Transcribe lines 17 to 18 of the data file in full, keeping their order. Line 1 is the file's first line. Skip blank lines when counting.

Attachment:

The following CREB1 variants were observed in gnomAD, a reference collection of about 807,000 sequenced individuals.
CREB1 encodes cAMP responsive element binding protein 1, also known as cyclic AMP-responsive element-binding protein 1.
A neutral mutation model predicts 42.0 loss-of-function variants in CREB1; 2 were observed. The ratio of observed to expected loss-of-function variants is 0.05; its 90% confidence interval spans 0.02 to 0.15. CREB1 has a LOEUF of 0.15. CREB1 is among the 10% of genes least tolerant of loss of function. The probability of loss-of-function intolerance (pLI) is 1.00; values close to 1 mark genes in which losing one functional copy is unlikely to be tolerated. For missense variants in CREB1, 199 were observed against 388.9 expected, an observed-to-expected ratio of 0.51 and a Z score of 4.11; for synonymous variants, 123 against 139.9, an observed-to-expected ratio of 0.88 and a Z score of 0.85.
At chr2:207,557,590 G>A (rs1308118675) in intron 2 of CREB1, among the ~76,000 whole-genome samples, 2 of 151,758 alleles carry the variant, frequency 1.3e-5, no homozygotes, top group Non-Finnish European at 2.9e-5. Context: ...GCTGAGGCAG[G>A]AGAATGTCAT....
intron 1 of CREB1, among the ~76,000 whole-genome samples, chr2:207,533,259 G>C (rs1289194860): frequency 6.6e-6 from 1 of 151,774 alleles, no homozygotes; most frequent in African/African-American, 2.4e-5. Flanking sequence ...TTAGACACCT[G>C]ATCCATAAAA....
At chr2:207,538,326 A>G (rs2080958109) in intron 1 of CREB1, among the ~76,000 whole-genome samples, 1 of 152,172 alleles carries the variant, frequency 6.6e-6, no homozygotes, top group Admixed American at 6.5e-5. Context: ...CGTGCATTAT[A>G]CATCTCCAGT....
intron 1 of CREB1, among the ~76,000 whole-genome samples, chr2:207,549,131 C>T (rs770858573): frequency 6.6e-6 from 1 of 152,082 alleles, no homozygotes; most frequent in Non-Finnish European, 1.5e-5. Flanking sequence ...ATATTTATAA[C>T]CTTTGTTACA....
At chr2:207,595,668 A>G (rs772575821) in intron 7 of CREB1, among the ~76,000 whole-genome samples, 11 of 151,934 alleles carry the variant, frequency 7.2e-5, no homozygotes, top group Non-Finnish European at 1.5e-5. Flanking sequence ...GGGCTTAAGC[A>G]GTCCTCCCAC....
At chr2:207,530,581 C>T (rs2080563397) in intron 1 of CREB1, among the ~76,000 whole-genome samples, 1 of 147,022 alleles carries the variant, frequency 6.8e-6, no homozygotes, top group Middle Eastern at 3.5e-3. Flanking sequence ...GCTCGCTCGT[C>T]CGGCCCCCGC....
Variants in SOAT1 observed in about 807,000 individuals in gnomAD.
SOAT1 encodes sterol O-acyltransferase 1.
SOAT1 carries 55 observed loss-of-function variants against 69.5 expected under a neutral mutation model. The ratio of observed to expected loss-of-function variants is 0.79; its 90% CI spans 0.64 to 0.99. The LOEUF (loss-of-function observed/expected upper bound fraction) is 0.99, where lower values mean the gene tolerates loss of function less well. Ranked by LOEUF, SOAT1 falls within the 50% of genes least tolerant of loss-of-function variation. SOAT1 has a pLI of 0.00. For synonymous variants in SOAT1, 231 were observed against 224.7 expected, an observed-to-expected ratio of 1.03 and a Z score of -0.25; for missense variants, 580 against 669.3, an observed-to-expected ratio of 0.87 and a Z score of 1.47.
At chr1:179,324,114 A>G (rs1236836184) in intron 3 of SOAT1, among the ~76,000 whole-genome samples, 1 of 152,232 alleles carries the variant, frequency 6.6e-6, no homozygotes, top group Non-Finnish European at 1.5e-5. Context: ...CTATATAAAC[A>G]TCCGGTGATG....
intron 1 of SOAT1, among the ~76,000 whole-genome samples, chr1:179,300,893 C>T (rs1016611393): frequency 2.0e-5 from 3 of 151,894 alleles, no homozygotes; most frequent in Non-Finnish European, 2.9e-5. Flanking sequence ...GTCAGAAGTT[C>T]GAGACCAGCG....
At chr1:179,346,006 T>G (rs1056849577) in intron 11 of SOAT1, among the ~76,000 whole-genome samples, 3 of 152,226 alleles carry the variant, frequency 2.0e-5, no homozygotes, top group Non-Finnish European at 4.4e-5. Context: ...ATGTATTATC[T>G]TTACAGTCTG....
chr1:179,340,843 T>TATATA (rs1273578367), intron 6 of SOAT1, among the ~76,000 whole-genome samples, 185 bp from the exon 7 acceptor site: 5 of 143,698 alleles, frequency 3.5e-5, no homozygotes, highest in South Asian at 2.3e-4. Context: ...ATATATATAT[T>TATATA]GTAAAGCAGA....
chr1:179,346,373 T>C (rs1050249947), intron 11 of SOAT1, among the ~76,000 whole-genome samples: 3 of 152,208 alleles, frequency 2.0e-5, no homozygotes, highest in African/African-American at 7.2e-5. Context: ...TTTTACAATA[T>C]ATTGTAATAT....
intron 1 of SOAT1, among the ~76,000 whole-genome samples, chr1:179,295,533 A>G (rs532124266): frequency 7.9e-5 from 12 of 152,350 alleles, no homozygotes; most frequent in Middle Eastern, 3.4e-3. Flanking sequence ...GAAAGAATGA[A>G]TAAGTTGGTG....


chr1:179,346,373 T>C (rs1050249947), intron 11 of SOAT1, among the ~76,000 whole-genome samples: 3 of 152,208 alleles, frequency 2.0e-5, no homozygotes, highest in African/African-American at 7.2e-5. Context: ...TTTTACAATA[T>C]ATTGTAATAT....
intron 1 of SOAT1, among the ~76,000 whole-genome samples, chr1:179,295,533 A>G (rs532124266): frequency 7.9e-5 from 12 of 152,350 alleles, no homozygotes; most frequent in Middle Eastern, 3.4e-3. Flanking sequence ...GAAAGAATGA[A>G]TAAGTTGGTG....